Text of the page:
The Canadian Armed Forces Cannabis Policy sets out very detailed guidelines for its members to follow in order to be permitted to perform duties. It sets out periods of prohibition of eight hours for any kind of duty, and a minimum of 24 hours for a long list of operational duties including the operation of a motor vehicle.
This sets an interesting precedent for the federal government and other public agencies to consider as the Armed Forces has after a deep review of data has determined that operating a vehicle within 24 hours of use would pose an unacceptable risk.
The policy sets out a 28 day prohibition for other duties such as flight, submarine and high altitude training. Finally, enduring and total prohibitions on cannabis use apply during the entire period of international operations, training or authorized leave in Canada.
If you are interested you can read the full policy here.
The Canadian Armed Forces appears to be taking this issue seriously which is a positive development and it stands in contrast to the lackadaisical attitude seen in other areas of society such as the media and politicians.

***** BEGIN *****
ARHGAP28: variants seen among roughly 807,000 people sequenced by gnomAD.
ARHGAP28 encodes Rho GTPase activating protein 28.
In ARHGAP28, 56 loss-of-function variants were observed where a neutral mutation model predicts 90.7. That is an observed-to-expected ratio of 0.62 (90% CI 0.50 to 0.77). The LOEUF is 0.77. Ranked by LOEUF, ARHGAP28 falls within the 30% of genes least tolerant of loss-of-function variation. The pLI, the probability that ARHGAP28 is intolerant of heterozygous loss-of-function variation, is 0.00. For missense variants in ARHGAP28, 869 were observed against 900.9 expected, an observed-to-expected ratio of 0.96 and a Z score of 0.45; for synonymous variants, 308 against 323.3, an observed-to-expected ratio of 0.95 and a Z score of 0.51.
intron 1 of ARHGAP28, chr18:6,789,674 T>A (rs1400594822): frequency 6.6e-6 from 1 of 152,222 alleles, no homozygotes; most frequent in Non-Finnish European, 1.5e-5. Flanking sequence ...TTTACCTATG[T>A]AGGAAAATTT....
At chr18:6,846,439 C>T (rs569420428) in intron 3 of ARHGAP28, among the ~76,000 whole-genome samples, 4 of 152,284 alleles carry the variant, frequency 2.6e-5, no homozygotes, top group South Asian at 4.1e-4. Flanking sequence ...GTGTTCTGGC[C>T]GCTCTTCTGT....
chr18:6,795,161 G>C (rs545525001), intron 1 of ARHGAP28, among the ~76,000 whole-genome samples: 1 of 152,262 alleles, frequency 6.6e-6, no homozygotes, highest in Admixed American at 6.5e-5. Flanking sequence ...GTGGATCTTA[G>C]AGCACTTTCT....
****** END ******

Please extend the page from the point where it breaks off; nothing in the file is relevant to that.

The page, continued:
Perhaps the graph below which depicts the results of saliva tests among ten chronic and casual users of marijuana sheds more light on the potential problems the Armed Forces foresees.
This is a very important distinction to make which the pot lobby and advocates for legalization prefer to avoid. Unfortunately the public is led astray to think that an observation of THC in saliva gives a scientist a clear measurement of the impairment level of the user. It does not. And that is because the pharmacological effects of THC and alcohol are very different. They are not equivalent in the way they affect motor skills, cognitive performance or other mental performance measurements.
The Canadian Armed Forces Cannabis Policy appears to acknowledge this and the organization is taking a wise path forward for the safety of its members and the public.